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Aramark partnership puts healthy and convenient meal kits on universities’ dining plans

Aramark and Home Chef introduce meal kits to 25 colleges.

Aramark has partnered with meal kit maker Home Chef to deliver packages of fresh, pre-portioned ingredients and recipe cards as part of 25 university dining plans. “We learned students wanted to know how to cook as part of their ‘adulting’ journey,” says Karen Parker, vice president, Channel Growth & Marketing at Aramark. “We also witnessed the popularity of the meal kit solutions in the general marketplace and wanted to tap into that popularity.”

Aramark’s research found that 40% of students surveyed cook at home more than once a week, primarily because it is cheaper and healthier. If priced appropriately, 60% of students said they would use meal kits at least weekly. Initially, Aramark considered creating the meal kits internally. “We quickly realized that most of the meal kit companies had sophisticated business models with significant infrastructure and logistics solutions that required significant capital and human investments that we couldn’t easily match,” Parker says. “So we turned to subject matter experts to help us deliver a first-class experience to our customers.”

The meal kit program is designed to complement the more traditional elements of a meal plan, says Parker. “They are not designed to be a substitute for the convenience and value that meal swipes and declining balance dollars offer students who are managing their course load and extracurricular activities,” she said.

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At Arizona State University (ASU), for example, students, whether they live on or off campus, have the option to purchase a meal plan that includes a $120 credit for Home Chef meals. Students then sign up for a Home Chef account on its website where they can specify any food allergies or special diets, enter a shipping address and select a delivery day. To use the $120 credit purchased through ASU, students enter their unique voucher code before completing sign-up.

Students can choose from 38 different meal options each week and plan meals five weeks in advance as well as customize ingredients. They can also skip a weekly delivery at any time if they know they will be eating elsewhere or on vacation. All changes to meals and delivery must be made by 12 p.m. CST the Friday before the scheduled delivery day. The meal kits are delivered via FedEx Ground in a temperature-controlled box.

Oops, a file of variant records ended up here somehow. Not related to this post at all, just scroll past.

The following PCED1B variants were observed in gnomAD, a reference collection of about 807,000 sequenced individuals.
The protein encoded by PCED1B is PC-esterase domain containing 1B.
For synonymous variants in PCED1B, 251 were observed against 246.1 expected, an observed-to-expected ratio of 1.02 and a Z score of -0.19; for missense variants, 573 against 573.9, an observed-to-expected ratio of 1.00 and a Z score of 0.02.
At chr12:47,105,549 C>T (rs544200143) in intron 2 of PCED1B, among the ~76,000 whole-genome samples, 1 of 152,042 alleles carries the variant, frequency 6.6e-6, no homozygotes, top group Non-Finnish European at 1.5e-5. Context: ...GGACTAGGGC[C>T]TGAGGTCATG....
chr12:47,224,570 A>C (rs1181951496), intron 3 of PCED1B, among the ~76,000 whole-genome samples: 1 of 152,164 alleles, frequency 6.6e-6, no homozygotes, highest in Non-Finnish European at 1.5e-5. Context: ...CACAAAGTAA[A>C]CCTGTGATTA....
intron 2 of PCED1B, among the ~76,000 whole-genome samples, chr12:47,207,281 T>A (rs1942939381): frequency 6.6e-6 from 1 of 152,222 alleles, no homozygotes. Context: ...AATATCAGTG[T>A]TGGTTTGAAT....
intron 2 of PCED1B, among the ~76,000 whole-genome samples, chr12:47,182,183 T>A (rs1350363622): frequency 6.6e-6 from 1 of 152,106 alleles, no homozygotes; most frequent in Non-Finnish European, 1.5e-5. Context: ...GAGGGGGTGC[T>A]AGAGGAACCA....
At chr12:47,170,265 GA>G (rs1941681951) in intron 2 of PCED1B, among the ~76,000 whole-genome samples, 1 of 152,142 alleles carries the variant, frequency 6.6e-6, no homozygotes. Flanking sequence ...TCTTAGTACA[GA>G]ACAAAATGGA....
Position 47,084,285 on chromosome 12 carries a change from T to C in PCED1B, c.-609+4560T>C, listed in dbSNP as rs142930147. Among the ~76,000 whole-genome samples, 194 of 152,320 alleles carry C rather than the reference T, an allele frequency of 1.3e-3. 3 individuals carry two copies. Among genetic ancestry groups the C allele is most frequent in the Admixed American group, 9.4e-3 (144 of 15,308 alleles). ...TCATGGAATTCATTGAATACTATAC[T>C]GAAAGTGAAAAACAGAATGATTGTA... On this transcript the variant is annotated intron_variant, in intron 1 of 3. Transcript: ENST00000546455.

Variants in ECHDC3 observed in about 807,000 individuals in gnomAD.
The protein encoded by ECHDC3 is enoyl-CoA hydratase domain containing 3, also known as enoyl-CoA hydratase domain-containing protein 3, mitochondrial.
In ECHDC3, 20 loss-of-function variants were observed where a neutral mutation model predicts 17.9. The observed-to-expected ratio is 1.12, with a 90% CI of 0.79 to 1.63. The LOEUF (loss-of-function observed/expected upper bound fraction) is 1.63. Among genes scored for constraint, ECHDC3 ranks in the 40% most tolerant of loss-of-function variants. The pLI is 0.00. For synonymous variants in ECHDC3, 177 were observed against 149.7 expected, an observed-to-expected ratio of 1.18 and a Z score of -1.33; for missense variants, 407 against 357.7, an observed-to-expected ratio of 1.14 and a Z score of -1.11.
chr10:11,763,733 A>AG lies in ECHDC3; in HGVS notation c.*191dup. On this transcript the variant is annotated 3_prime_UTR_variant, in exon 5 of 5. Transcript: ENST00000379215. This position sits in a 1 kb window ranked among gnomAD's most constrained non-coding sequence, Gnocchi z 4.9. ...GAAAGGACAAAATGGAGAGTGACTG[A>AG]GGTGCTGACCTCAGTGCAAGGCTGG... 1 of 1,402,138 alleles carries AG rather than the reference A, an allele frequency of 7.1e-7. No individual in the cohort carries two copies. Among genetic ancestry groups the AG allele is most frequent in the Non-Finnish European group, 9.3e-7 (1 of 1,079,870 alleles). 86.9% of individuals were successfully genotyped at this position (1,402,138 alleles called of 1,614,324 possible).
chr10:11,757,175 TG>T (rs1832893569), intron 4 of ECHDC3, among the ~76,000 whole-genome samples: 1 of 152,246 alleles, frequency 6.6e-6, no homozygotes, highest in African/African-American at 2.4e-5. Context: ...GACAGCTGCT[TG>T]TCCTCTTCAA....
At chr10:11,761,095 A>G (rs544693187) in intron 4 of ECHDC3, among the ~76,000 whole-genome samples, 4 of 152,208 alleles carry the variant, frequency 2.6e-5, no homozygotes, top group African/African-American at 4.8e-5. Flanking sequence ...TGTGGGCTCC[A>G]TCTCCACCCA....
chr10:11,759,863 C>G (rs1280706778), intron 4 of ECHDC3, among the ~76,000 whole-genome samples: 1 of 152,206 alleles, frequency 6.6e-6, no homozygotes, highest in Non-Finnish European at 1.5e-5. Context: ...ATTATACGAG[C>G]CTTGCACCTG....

Available meal kits are categorized by prep and cook time, difficulty level, spice level and the time period before the ingredients expire. There are recipes endorsed as “Staff Picks” such as Bone-In Pork Chop and Jalapeño Cheddar Biscuits served with broccoli and chive crema, and “Home Chef Express” kits like Chicken Fajitas with Cheddar and Sour Cream that can be made in under 15 minutes. Other categories include 5-Minute Meals, Calorie Conscious Meals, Carb Conscious Meals, Entrée Salads, Oven-Ready and Culinary Collection. There are also portions more appropriate for entertaining or leftovers such as the six-portion version of Korean Pork Noodle Bowl with Green Beans and Red Bell Pepper.

“Gen Z-era students are accustomed to using platforms like Uber, Spotify and Amazon Prime to make their life easier and more productive,” says Parker about the new meal kit program. “Many also consider themselves ‘foodies’ and have more sophisticated and adventuresome dining expectations.”

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While the meal kit model initially catered to working adults who like to cook but didn’t have time or patience to grocery shop, such kits overcome just as many obstacles for students who’d rather prep their own meal than eat out. For one, many students don’t have transportation to visit grocery stores for ingredients or are stuck shopping at stores with very limited selections. What’s more, meal kits assemble all the necessary ingredients and come with trusted recipe instructions, sidestepping the aspects of home cooking that those new in the kitchen might find stressful.

“The typical Gen Z student is also interested in personalization and flexibility,” says Parker. “By providing the option of Home Chef meal kits, Aramark empowers students to choose from a broad array of ingredients and recipes, have them delivered at a time and place of their choosing and gives them the flexibility to customize each dish in their own kitchen to suit their tastes. For example, they may choose to eliminate an ingredient, substitute an alternate, or following the recipe exactly.”

In Aramark’s pilot test of the program, 60% of student participants surveyed were “very satisfied” with their meal kit meal plan purchase, the highest rating on the scale. What’s more, 75% said Home Chef meals “exceeded” or “far exceeded” their expectations, 95% rated “high” or “very high quality” for the meals they received, and 85% were “much more likely” or “somewhat more likely” to purchase a meal plan next year if it includes Home Chef meals.  Aramark and Home Chef have plans to expand the program to more schools this spring.

 

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